Interview with author Jeanette Winterson

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In 1985, author Jeanette Winterson celebrated success with her first novel Oranges Are Not The Only Fruit, the story of a young girl who is forced to grow up to be a missionary but instead falls in love with a woman. It was one of the greatest ‘coming out’ stories of the decade and later translated into celluloid. Today Oranges continues to touch readers – gay, straight and all degrees of sexuality in between.

Preparing herself for a visit to Australia to present a keynote address at the Byron Bay Writer’s Festival in August, Cream caught up with the author to be told that not all her books are of an autobiographic bent and that she’s as comfortable reading a good old-fashioned hardcopy book as she is cuddling up to her Kindle.

Interview by Antonino Tati

 

Hi Jeanette. I wanted to start by going back to your first book, Oranges Are Not The Only Fruit. Just how much of that was autobiographical?

I don’t think of it in that way because in the end what matters is authenticity: it’s whether or not you can convince somebody of a story and whether they want to follow you. Every writer uses aspects of their own lives – especially when it’s your first novel. It stays in print 30 years later because it goes on reaching people; people whose stories it really isn’t and whose experiences are as far away from that book as anything could be. And that’s the test of a good book – does it reach outside of its own domain and own concerns, and move into the lives of others who are initially remote from it?

 

A while ago, I was speaking to Jeff Lindsay, author of the Dexter novels, and he was saying that even he ‘borrows’ stories from friends and incorporates these into his writing. Do you?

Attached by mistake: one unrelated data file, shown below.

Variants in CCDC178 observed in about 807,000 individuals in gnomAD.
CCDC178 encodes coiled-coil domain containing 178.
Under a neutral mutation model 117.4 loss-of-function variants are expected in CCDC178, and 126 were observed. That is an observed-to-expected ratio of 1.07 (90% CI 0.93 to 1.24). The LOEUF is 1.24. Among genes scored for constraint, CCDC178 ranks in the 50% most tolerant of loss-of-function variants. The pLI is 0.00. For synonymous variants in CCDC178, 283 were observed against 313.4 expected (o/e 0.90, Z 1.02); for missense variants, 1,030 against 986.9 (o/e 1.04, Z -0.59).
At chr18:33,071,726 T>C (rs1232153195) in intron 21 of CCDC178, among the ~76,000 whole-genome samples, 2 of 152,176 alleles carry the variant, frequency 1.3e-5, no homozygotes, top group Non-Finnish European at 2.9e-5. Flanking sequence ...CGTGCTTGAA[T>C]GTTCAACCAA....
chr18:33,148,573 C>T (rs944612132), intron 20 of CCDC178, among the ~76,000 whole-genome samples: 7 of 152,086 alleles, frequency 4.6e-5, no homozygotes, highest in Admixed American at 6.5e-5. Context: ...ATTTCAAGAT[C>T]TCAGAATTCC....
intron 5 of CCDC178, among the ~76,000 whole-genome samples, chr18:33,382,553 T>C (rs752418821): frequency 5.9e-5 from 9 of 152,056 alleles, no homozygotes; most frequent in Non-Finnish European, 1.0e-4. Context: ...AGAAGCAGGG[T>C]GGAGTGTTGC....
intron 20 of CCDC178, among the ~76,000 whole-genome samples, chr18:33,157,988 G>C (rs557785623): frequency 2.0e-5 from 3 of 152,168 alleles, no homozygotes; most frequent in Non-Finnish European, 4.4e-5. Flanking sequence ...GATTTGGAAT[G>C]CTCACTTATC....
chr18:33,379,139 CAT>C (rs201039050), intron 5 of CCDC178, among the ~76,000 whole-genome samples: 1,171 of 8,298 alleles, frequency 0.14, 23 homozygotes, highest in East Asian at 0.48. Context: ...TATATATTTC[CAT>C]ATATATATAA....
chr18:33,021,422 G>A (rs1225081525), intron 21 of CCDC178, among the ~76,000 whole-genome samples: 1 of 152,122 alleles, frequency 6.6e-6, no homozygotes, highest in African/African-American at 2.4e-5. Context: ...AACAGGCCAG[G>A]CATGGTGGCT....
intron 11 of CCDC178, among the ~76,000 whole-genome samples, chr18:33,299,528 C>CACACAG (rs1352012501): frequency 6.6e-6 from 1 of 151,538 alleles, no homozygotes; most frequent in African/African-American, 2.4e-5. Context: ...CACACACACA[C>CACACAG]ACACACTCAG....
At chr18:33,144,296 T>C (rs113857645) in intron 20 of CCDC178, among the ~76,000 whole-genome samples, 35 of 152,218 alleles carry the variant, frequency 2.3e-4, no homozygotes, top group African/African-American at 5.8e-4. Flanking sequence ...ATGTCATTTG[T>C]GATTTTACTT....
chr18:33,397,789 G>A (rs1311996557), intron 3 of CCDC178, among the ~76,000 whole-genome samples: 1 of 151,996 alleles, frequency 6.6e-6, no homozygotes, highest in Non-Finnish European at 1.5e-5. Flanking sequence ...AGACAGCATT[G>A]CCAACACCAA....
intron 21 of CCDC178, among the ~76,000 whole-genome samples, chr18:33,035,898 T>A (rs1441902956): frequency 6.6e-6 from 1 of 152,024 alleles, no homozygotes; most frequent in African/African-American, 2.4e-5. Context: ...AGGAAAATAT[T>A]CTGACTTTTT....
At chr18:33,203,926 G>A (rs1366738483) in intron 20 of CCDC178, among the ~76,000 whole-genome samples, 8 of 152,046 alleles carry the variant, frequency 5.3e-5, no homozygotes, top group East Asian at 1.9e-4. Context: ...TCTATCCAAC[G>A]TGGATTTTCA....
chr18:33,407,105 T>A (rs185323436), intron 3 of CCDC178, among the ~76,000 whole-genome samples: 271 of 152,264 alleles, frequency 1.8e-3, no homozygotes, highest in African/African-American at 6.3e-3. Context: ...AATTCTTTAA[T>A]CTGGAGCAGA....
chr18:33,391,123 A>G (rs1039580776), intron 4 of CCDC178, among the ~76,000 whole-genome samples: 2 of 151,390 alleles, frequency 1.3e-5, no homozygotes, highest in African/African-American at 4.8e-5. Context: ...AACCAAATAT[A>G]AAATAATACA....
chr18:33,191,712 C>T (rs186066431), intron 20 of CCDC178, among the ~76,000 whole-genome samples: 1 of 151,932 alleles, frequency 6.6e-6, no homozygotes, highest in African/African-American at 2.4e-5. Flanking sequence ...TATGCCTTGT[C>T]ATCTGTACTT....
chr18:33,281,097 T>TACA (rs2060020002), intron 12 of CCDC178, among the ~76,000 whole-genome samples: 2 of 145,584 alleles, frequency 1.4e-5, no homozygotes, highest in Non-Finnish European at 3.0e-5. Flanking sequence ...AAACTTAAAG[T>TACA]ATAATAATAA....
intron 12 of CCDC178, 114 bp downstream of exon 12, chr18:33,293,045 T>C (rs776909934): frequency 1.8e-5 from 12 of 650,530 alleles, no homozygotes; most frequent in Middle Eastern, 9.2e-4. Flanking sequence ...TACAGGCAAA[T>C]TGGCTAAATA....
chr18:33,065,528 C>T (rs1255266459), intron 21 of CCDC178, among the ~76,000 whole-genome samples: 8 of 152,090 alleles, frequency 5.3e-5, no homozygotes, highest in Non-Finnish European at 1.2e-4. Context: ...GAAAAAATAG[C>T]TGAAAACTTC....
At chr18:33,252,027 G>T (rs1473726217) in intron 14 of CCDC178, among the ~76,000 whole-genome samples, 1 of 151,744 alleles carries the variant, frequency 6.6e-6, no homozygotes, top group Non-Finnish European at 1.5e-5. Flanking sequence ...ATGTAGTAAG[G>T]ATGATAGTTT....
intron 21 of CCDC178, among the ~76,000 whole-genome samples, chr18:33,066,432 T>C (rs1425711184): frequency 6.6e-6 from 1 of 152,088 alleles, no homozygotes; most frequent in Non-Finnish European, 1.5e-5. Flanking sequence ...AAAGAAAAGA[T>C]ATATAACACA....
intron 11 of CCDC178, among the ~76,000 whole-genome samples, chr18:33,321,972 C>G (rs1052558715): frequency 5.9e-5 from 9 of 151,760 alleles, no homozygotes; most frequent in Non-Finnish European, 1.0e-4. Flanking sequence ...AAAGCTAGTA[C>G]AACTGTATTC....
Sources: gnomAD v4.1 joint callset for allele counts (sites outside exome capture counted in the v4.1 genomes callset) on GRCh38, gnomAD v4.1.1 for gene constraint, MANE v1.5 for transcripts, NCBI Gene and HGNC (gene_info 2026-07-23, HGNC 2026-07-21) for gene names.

Yeah, I mean everybody does. It’s a huge melange of experience and imagination; it can’t be otherwise because that’s how we all live our lives. You know we don’t really separate the two… I think my books are true to that; a melange of experiences and invention.

 

But then do you have friends or relatives that come back to you after reading a book of yours, to say, ‘Well hang on a moment, that character is a little like me’?

I haven’t got any relatives. Well, they’re all dead. [Laughs].

 

The film adaptation of Oranges Are Not The Only Fruit was blatantly homoerotic. I remember it helped me when I was going through a difficult time, coming out as a teen.

Good!

 

Did you get much gratitude from people back then?

Very much so. It was a groundbreaking moment because it was entirely positive and it was very clear about its aims, and I think it worked for gay people and for straight people because you couldn’t help feeling sympathy for the situation and for the characters. It was one of those things – both the book and the movie – that helped people to see someone else’s life in a tolerant and sensible way, instead of in some tabloid way.

 

And what do you feel today when you can turn on the television or the internet and see gay culture everywhere.

Great!

 

Yes, but has it demystified the culture to a certain degree?

I’d like to think it has, but here we are with the gay marriage debate and everybody is still fussing over it, many wondering what the problem is. There isn’t a problem. It’s just that not everybody is on the same page. We don’t have equality across sexuality yet. We’re still some way off that.

 

How do you feel about the positive stance of someone as prominent as Barack Obama?

I’m glad he was able to say what he did [years ago]; it was a risky thing for him to do politically as it was coming up to the elections, because we know how redneck and bible-belt so many Americans are. They cannot tolerate difference. Some of them don’t even realise there are countries outside of their own, let alone that there are people who might want to do things differently.

 

Let’s move forward to one of your more recent books Why Be Happy When You Could Be Normal? I’m not sure if I could call it an autobiography because you kind of told me off at the beginning of the interview…

No, no, don’t call it that. It’s a label. You know, especially when you’re gay, you spend your whole life trying to rip labels off of things and saying, ‘Can you look behind the label and to the person, please?’ and to me it’s just the same with books. We’re authors and we shouldn’t be sticking labels on things. And we’re at a time which is quite exciting where people are writing across genres and across media and across this so-called divide between imagination and experience. We’re seeing a huge change, and the labelling department just hasn’t caught up with that. I don’t call it a memoir. I don’t call it an autobiography. If I had to call it anything, I’d call it an ‘experiment with experience’.